To climb the hill

Maurie Mulheron

On a hill, there sits a school.

In the school grounds there is a large, circular concrete pad into which 17 small bronze stools are cemented. Each of the stools is unique. They represent roughly-hewn wooden seats on which infants might have sat.

This beautiful sculpture, which now sits surrounded by a native garden, was created by artist Heather Swann.

I visited the school recently on a Saturday afternoon. Having climbed to the top of the steep hill, I noticed a large crowd gathered in the school grounds, spilling onto the pavement. I looked over at the sculpture and noticed that each bronze stool was occupied by a small child.

Everyone was listening to the principal, John Beach, welcoming the local community to the school before introducing the guest speaker, former prime minister, Julia Gillard.

The occasion was the launch of To Climb the Hill: A People’s History of Newcastle East Public School 1816–2016. The sculpture had been commissioned to coincide with the launch.

The school is celebrating its 200th anniversary as the oldest school in continuous operation in Australia.

The book makes for fascinating reading. Sure, there are the stories of famous Australians who attended the school, such as Ben Lexcen and Miranda Otto, but it was the story of the first teacher and his 17 pupils that captured my attention.

The teacher’s name was Henry Wrensford and, in 1816, Governor Macquarie appointed him to the position of schoolmaster of the Public Charity School that had just been established in the open-air prison of Newcastle. Wrensford was one of 35 schoolmasters teaching in the colony of New South Wales.

Wrensford had been convicted in Central London in 1812 of fraud and, after a year on a rotting hulk in the Thames, had been transported. He was 26 years old when he arrived.

Macquarie, in need of teachers, granted Wrensford a conditional pardon and appointed him schoolmaster. His qualifications at the time were his middle-class background and the elementary education he had received.

Newcastle’s population in 1816 was made up of about 300-400 convicts and soldiers. Wrensford’s status as a pardoned convict and schoolmaster meant he had a relatively privileged life compared to the dirty and dangerous work of the other convicts who were involved in cedar-felling, coalmining and the lime-burning of oyster shells.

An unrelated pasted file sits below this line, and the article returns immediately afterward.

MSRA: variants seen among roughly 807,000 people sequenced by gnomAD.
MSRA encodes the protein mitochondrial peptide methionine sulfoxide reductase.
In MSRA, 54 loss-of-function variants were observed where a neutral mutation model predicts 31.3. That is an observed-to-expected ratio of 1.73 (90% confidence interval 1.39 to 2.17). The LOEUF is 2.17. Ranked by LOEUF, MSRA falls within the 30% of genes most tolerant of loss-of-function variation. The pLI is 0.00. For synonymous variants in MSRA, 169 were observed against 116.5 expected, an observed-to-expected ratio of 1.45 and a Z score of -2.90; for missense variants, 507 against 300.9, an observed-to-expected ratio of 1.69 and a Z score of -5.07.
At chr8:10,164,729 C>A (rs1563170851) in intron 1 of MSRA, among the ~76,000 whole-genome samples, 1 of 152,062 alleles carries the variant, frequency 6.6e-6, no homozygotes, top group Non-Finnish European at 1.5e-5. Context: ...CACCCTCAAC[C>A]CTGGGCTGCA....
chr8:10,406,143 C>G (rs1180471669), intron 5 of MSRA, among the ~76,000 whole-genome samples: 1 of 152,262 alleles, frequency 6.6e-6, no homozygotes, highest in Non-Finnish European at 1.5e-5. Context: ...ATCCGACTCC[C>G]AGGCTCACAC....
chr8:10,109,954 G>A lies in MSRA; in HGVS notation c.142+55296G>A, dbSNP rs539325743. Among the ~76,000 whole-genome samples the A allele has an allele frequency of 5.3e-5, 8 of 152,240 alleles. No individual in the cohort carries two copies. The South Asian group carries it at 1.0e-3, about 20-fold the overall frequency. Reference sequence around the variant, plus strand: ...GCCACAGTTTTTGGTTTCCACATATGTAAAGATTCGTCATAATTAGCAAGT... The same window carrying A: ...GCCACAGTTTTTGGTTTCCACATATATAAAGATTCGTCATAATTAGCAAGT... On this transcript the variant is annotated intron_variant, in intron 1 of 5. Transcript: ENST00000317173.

He would have arrived at the school, then a slab hut, clothed in a military uniform. His pay would have been rations and free accommodation.

The 17 pupils in his first class were the children of convicts, soldiers, the harbour pilot, and the surgeon. There were eight girls and nine boys ranging in age from three to 13 years. As was common practice at the time, the 13-year-old boy would have acted as the pupil-teacher.

The curriculum was basic and narrow, the four Rs: reading, writing, arithmetic and religion. After all, this school had been established by the Church of England and the teaching of the tenets of the Anglican religion dominated the school day. Indeed, by 1817, the school moved into the vestry of the newly-built Christ Church, where it remained for decades.

Discipline would have been tough and physical in this strict hierarchical military settlement and this was reflected in how children were treated. Macquarie had standards and rules for his schools. Any child engaging in “idle or wicked Habits at School” was to undergo corporal punishment or expelled. In those days, schools were created to control the “unruly street urchins” and to provide them with an education in morals.

The school operated from nine to five each day with attendance at church on Sunday compulsory.

Wrensford eventually moved onto another school in 1820, a new private institution at Castlereagh, but he preferred to work at a government school and very soon afterwards became Public Schoolmaster at Airds, then a small settlement near Campbelltown.

The 17 children at the Newcastle Public Charity School might well have regarded themselves as fortunate as most children did not receive schooling and child labour was the norm.

Schooling in the colony was dominated in the early part of the 19th century by the four main religions, Anglican, Catholic, Methodist and Presbyterian. Fees were charged.

It was not until the late 1830s that Governor Bourke introduced the non-sectarian Irish National School system, open to children of all faiths. This would become the foundation for the public education system.

The Public Instruction Act of 1880 introduced free and compulsory elementary education for all children, effectively killing off child labour. As well, the Act ended state aid to church schools. The old school to which Henry Wrensford had been appointed was now incorporated into the new public education system.

As the history of Newcastle East Public School is revealed we can see how its fortunes also reflected the development of the public education system that exists today. Its various name changes reveal much:

1816 Newcastle Charity School
1818 Christ Church School
1867 Christ Church Certified Denominational School
1883 Newcastle East Christ Church Public School
1886 Newcastle East Public School.

The school is a proud reminder of the strength and traditions of the public education system. Yet it is also a reminder of the sectarianism and all-too-powerful influence of religion in schooling that exists in Australia to this day.

Newcastle East Public School is well worth a visit even if it is just to view the heritage-listed buildings from the street.

As we view the sculpture garden with the 17 brass stools on which the young pupils of today sit, we can reflect on the school’s humble origins.

To Climb The Hill: A People’s History of Newcastle East Public School 1816–2016 is available for purchase from Newcastle East Public School and is also available for borrowing from the Federation Library.

Oldest school turns 200